To prepare for this I had done a few training sessions at the gym, running up and down stairs for about an hour with a 10kg pack on. Those sessions paid off in gold now. I got down the stairs in good shape and carried on through the muck that was the trail below.
I saw Richard go down in front of me as he slipped in the muck. Having lost my goal of not being last, and replaced it with the new goal of getting home with a clean bum, this was concerning. I was very careful on these sections hoping the grip on my shoes would be enough. I slipped a few times, but not enough to fall over. Once again my shoes were proving to be my biggest asset on this run.
We got through the golf course with more encouragement from the marshals and out onto Adelaide Road, just in time for peak traffic. They were keen to speed me on my way, and I was just as happy to stop and rest for a while. But all too soon there was a gap and I was ushered across the road, to the bottom of the next big hill – Mt Albert.
I would have walked this part on fresh legs, and I walked it now without shame. It seemed to go on for ever and ever, and by the time we reached the next road crossing the sun had set and it was getting dark.
We crossed the road and I stopped to dig out my torch, and check the battery on my watch. Garmin says it is good for 12 hours in GPS mode. Well I had been going for nearly 12 hours and the battery was pretty much used up. So I plugged it in to an external battery and left it in my pack. Even so, I kept glancing at my wrist whenever I heard it beep off another kilometre.
We reached the summit of Mt Albert and began the long descent down to the next road crossing. I ran this bit, not fast, but it was still running. I could feel the fatigue really starting to hit me now. I was having bouts of dizziness and I was puffing like a train, even on the downhills.
Again the marshals turned up on a random street, running alongside me with a box of sweets. I grabbed a jet plane – to make me run faster, and thanked him.
Shortly after that I heard the noise of traffic and we emerged at the second to last road crossing – Constable Street. I must have looked really bad at that stage. The marshal told me to grab his arm and hold on while we crossed the road. I did, and we crossed over, taking it in two jumps to avoid becoming a hood ornament.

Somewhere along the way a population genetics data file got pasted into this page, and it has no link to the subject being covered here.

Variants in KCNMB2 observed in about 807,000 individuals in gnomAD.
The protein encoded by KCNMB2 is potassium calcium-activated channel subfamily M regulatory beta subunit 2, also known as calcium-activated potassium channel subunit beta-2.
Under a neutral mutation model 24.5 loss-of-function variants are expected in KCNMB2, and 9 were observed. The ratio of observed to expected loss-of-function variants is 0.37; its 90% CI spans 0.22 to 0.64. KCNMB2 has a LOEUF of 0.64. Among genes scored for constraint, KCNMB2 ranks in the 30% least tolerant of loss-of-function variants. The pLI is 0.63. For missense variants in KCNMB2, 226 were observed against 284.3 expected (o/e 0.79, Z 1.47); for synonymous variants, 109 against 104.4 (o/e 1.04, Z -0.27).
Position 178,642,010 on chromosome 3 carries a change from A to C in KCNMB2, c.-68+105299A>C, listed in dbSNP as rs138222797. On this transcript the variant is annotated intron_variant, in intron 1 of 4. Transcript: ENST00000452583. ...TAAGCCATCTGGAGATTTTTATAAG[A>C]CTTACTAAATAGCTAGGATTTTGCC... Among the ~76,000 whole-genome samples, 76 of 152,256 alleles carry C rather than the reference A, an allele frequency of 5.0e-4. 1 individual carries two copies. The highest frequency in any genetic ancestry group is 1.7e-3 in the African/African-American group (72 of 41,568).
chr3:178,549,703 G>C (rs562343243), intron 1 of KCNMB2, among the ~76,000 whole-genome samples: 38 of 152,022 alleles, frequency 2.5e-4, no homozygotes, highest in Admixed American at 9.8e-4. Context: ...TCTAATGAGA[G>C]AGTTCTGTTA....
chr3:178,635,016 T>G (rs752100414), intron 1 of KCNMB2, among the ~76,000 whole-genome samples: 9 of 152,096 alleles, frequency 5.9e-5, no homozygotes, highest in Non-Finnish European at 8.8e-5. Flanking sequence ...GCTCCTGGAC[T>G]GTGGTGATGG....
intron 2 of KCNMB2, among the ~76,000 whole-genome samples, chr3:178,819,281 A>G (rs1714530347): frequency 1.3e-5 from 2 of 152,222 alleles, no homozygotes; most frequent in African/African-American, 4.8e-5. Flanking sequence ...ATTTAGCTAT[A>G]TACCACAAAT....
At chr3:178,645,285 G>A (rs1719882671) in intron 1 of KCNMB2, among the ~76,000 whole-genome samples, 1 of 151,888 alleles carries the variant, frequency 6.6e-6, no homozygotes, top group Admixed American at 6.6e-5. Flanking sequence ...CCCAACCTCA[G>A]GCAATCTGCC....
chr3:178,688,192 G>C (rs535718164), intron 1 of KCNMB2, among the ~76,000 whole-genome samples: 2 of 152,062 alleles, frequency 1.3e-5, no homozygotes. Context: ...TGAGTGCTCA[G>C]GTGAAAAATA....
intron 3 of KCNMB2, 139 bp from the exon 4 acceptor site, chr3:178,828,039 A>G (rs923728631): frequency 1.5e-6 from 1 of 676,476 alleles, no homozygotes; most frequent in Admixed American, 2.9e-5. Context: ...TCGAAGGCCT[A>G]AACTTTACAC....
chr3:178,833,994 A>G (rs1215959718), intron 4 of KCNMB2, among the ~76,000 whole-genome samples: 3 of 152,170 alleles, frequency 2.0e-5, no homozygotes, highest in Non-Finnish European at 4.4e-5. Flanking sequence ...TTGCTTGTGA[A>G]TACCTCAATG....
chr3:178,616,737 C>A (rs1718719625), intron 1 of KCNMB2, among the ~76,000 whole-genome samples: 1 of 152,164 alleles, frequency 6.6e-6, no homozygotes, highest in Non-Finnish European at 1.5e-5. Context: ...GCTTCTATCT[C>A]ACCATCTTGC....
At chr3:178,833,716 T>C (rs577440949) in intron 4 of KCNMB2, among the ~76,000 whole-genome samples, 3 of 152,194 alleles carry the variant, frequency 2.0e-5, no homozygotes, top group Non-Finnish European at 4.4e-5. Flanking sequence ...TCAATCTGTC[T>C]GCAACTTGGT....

Then it was into the Mt. Victoria tracks. I had one last hill to climb.
We jogged along in the dark, with me trying hard not to walk. I was so close to the end that I just wanted to push hard and get there. People began appearing out of the gloom in hi-vis jackets all cheering me on.
But, and this is the crucial thing, they were not cheering on runner 92. They were cheering on Trevor. They called me by name. They were cheering on ME! It was a very humbling thing, and I am so grateful for it.
We wound our way through the tracks, eventually coming up to the final road crossing, and who should be there to see me finish?
Liz, the tail-end-charile who had run with me from the Makara Road aid station to The Windmill. She had come all the way back to the race finish to see me complete the race. Now that is amazing! She was a wonderful running companion and a beautiful person. And for her to come all the way back, after a big day herself, shows just how awesome she is.
From the bottom of my heart, thank you Liz. You made the run much more wonderful and enjoyable that it would have been without you.
But we were not done yet. There was still the small matter of running up the last bit of hill to the finish line. I tried to run, and failed. I tried again and failed. So I walked. It was not far, I would make it, but it would take some time.
Soon we could see the lights of the finish line in the distance, just past one last, small rise. Richard told me that I have to run the last bit because they will be cheering me on. I’ll tell you when to run, he said.
Just before we crested the last hill, he said Run! It was more of a shamble than a run. But at least it wasn’t a walk. I kept it up until I crossed the finish line to cheers and applause from the hard core people who were still there, manning the aid station.
[image source] my brother-in-law
Other people were cheering also, and in the glare of head torches I couldn’t make them out. I was presented with my finisher’s medal. And nothing felt so good as to have that placed around my neck. I had fought so hard to get to the cut-off, and then struggled as best I could to get to the finish line. And now it was all worth it.
[image source] my brother-in-law
I was an ultra-runner.
[image source] my brother-in-law
I was offered a seat and they helped me take my packs of. It was about that time that I realised the other people cheering me one were my sister and her family. They had been watching my progress on Garmin Live Track as they drove home from Taupo. They had made it back to Wellington in time to get to the finish line and welcome me across the line. I have never been more grateful for family.
We sat there as I recovered a little and organised myself. They guys at the end kept congratulating me and telling me I was awesome. I was asked if I had a ride home, and my sister said they would take me. To which they replied, Cool. We can tell the bus driver he can go home now.
The bus driver had waited all this time just to take me home! How wonderful are these people?
Then it was time to squeeze into the back seat and drive home, trying not to get too much mud in the car. I felt every one of the five steps up to my front door.